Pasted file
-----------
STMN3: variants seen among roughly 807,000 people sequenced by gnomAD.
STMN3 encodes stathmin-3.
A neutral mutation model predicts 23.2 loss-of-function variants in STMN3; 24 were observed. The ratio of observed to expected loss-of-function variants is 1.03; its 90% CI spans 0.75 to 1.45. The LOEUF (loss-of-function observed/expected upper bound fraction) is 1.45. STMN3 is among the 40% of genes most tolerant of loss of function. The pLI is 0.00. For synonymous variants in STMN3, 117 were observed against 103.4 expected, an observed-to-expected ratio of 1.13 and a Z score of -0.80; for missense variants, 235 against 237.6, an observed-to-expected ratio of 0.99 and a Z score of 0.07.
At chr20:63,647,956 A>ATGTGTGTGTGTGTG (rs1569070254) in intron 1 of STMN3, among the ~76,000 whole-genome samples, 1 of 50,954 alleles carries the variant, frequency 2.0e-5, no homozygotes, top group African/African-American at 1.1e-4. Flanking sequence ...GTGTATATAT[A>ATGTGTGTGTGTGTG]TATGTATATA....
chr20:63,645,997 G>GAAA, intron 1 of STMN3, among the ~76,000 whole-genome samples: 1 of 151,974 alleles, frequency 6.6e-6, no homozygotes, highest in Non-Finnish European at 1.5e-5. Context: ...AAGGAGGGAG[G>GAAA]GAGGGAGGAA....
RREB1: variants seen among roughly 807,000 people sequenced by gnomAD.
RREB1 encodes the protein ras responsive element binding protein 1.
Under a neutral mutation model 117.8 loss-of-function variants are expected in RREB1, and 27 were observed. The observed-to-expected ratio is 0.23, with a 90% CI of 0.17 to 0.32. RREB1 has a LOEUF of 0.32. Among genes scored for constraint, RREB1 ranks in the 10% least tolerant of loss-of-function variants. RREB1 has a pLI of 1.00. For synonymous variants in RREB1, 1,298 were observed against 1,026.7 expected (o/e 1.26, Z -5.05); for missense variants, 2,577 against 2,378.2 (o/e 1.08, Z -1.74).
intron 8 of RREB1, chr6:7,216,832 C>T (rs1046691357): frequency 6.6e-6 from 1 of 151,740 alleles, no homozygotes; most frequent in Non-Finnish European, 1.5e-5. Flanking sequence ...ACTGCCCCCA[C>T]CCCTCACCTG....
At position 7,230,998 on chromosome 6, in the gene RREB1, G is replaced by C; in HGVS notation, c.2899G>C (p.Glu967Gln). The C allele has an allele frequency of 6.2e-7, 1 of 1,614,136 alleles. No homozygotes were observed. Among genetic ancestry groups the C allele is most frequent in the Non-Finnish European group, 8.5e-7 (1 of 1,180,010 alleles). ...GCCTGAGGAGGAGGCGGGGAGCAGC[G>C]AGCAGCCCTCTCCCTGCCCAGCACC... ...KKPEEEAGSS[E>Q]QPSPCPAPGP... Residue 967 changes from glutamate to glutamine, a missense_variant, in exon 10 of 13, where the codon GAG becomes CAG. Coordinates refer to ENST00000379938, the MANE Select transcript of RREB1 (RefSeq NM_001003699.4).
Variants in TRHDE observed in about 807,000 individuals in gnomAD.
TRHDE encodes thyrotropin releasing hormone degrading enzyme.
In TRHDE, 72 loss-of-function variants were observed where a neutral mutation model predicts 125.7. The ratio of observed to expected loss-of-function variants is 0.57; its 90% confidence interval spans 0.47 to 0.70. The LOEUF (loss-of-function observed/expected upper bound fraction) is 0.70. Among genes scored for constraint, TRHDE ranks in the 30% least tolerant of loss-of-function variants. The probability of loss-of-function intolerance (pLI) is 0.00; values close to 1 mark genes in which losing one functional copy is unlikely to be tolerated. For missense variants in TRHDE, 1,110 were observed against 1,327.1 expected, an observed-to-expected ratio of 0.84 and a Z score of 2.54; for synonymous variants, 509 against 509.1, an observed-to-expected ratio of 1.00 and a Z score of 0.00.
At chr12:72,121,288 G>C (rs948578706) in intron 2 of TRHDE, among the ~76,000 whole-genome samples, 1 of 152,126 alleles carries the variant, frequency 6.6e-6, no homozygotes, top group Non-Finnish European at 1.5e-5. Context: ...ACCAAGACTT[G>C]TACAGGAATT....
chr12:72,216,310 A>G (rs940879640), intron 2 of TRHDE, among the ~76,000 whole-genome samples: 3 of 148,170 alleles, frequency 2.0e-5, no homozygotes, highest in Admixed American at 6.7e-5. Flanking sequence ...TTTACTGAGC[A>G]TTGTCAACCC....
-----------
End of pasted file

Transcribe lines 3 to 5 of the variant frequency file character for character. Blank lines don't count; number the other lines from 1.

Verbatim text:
A neutral mutation model predicts 23.2 loss-of-function variants in STMN3; 24 were observed. The ratio of observed to expected loss-of-function variants is 1.03; its 90% CI spans 0.75 to 1.45. The LOEUF (loss-of-function observed/expected upper bound fraction) is 1.45. STMN3 is among the 40% of genes most tolerant of loss of function. The pLI is 0.00. For synonymous variants in STMN3, 117 were observed against 103.4 expected, an observed-to-expected ratio of 1.13 and a Z score of -0.80; for missense variants, 235 against 237.6, an observed-to-expected ratio of 0.99 and a Z score of 0.07.
At chr20:63,647,956 A>ATGTGTGTGTGTGTG (rs1569070254) in intron 1 of STMN3, among the ~76,000 whole-genome samples, 1 of 50,954 alleles carries the variant, frequency 2.0e-5, no homozygotes, top group African/African-American at 1.1e-4. Flanking sequence ...GTGTATATAT[A>ATGTGTGTGTGTGTG]TATGTATATA....
chr20:63,645,997 G>GAAA, intron 1 of STMN3, among the ~76,000 whole-genome samples: 1 of 151,974 alleles, frequency 6.6e-6, no homozygotes, highest in Non-Finnish European at 1.5e-5. Context: ...AAGGAGGGAG[G>GAAA]GAGGGAGGAA....